December 8, 2019

FDA: Listeria in Wholesome Soy Sprouts Killed 3

This post was updated January 29.

Did Listeria in Wholesome Soy bean sprouts kill two people or three? It depends on which federal agency’s report you read.

The Centers for Disease Control and Prevention issued its final report on the outbreak January 27 saying five people had been sickened and two of then died. Later that same day, the U.S. Food and Drug Administration (FDA)  issued its report saying five people had been sickened and three of them died. The FDA updated its report today,  January 29, saying two people have died.

Both agencies agree that five people in two states were sickened between June and August, 2014; that  four cases were reported in Illinois and one was reported in Michigan and that all five case patients were hospitalized. But it’s unclear how many people survived the outbreak.

The investigation of the outbreak was a little unusual from the start. Usually, the FDA investigates a facility after a illnesses caused by the same bacterial thumbprint are identified and case patients identify potential sources of illness in interviews.

Bean Sprouts CloseupIn this case, the FDA went to Wholesome Soy’s Chicago facility for a routine inspection August 12 through September 3, 2014. While they were there, they discovered Listeria in two mung bean sprout samples and one sample of spent irrigation water. They then collected more samples from the facility, 25 of which were positive for Listeria monocytogenes.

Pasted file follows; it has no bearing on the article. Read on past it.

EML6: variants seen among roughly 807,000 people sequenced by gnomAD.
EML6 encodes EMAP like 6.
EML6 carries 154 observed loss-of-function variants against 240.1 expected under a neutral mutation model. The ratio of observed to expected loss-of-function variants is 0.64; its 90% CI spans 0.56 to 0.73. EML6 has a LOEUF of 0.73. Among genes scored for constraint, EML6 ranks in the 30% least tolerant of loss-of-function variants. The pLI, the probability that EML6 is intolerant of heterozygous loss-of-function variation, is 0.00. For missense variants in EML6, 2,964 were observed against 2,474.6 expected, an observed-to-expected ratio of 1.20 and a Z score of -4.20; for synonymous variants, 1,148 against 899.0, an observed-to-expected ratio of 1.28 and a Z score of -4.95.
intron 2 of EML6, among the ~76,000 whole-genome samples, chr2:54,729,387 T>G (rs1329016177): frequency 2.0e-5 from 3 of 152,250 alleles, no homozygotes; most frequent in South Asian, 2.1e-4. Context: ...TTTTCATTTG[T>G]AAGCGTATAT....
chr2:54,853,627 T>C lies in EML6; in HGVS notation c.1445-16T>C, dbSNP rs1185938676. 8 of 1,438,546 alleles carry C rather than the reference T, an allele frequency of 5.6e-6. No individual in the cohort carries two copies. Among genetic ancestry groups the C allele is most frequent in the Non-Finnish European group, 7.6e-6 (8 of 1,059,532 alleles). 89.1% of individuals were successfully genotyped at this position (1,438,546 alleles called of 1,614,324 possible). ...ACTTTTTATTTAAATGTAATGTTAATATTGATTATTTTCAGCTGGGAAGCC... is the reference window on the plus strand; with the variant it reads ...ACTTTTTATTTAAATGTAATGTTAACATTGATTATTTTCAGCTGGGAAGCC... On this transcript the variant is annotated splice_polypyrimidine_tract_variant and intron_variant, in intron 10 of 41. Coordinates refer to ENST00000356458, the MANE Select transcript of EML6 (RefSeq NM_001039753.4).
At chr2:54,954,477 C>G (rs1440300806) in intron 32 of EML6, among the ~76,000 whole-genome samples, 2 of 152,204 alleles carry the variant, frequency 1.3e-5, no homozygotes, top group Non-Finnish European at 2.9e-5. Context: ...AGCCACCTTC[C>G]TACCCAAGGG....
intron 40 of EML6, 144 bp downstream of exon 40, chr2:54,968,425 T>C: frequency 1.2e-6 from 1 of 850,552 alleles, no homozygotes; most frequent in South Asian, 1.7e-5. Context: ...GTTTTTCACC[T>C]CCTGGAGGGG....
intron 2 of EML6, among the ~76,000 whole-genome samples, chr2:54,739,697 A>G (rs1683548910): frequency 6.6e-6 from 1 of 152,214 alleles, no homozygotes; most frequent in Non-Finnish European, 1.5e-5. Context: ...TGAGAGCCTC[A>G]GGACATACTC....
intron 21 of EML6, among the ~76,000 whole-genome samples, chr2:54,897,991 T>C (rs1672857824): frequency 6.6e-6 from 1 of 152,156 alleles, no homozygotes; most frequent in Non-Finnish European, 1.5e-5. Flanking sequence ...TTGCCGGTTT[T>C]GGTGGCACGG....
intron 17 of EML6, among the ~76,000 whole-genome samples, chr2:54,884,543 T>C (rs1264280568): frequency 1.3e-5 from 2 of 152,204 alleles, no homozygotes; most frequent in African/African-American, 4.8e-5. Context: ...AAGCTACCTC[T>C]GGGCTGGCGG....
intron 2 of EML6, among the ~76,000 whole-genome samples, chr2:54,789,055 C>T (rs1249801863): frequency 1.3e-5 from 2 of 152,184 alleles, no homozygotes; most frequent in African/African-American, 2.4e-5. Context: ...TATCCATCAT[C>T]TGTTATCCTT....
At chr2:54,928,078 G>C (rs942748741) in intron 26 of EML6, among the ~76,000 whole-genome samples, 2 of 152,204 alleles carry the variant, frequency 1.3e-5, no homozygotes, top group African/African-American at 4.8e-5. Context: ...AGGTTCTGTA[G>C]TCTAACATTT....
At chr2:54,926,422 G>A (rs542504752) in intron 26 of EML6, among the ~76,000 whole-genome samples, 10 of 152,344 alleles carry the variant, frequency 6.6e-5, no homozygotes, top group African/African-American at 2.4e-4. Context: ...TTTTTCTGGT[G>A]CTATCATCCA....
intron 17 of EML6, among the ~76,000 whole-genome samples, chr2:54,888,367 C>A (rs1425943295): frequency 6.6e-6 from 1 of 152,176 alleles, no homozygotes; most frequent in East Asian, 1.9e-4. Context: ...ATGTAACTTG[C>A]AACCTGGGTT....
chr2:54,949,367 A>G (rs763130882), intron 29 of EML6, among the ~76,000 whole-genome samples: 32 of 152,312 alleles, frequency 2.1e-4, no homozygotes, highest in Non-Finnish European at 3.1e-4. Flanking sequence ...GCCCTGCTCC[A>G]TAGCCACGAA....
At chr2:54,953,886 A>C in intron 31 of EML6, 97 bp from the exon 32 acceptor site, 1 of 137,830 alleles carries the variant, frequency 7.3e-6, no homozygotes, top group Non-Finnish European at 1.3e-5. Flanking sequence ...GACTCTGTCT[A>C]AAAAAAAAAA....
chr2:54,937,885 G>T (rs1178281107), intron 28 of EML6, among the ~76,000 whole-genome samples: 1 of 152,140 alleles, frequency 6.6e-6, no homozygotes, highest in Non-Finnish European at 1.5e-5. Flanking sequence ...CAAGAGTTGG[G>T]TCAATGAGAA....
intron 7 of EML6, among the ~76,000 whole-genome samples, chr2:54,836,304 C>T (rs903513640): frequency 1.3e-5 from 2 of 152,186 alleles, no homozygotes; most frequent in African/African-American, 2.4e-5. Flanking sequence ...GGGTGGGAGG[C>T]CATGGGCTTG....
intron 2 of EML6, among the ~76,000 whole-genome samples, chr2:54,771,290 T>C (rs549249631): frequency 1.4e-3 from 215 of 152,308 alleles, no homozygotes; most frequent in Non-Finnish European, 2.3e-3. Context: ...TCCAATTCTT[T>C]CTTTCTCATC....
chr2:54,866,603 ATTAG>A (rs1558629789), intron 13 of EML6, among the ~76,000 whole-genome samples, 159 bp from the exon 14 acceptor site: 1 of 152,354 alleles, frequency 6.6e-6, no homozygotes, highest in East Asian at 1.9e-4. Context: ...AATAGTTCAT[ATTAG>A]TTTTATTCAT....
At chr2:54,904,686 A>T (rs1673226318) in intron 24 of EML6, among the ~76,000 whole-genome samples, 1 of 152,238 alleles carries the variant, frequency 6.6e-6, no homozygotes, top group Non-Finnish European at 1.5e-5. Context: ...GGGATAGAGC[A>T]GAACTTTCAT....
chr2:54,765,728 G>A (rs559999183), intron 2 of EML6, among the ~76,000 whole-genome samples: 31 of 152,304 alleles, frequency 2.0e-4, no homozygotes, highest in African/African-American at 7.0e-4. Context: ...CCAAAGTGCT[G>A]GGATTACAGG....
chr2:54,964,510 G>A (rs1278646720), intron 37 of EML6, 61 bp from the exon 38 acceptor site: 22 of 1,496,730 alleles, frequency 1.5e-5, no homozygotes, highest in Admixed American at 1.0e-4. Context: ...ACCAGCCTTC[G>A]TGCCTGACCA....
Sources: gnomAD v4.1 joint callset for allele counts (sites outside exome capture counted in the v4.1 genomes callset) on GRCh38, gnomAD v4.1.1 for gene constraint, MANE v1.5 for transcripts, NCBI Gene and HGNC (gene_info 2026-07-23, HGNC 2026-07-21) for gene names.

On September 25, 2014,  results of a Whole Genome Sequencing analysis of the Listeria samples from the Wholesome Soy facility were found to be highly related to Listeria strains isolated from five people who became ill from June through August 2014.

FDA investigators then did a follow up inspection on October 7, 2014. Swabs taken during that visit also tested positive for the same strain of Listeria.

According to the FDA, the company permanently closed on November 10. No other illnesses were reported after September.

It will be interesting to see which, if either, agency changes the number of fatalities associated with the outbreak. And if they do, if they will note that they have made a change to their report, which neither agency did when they made changes to their reports about the caramel apple Listeria outbreak.

 

 

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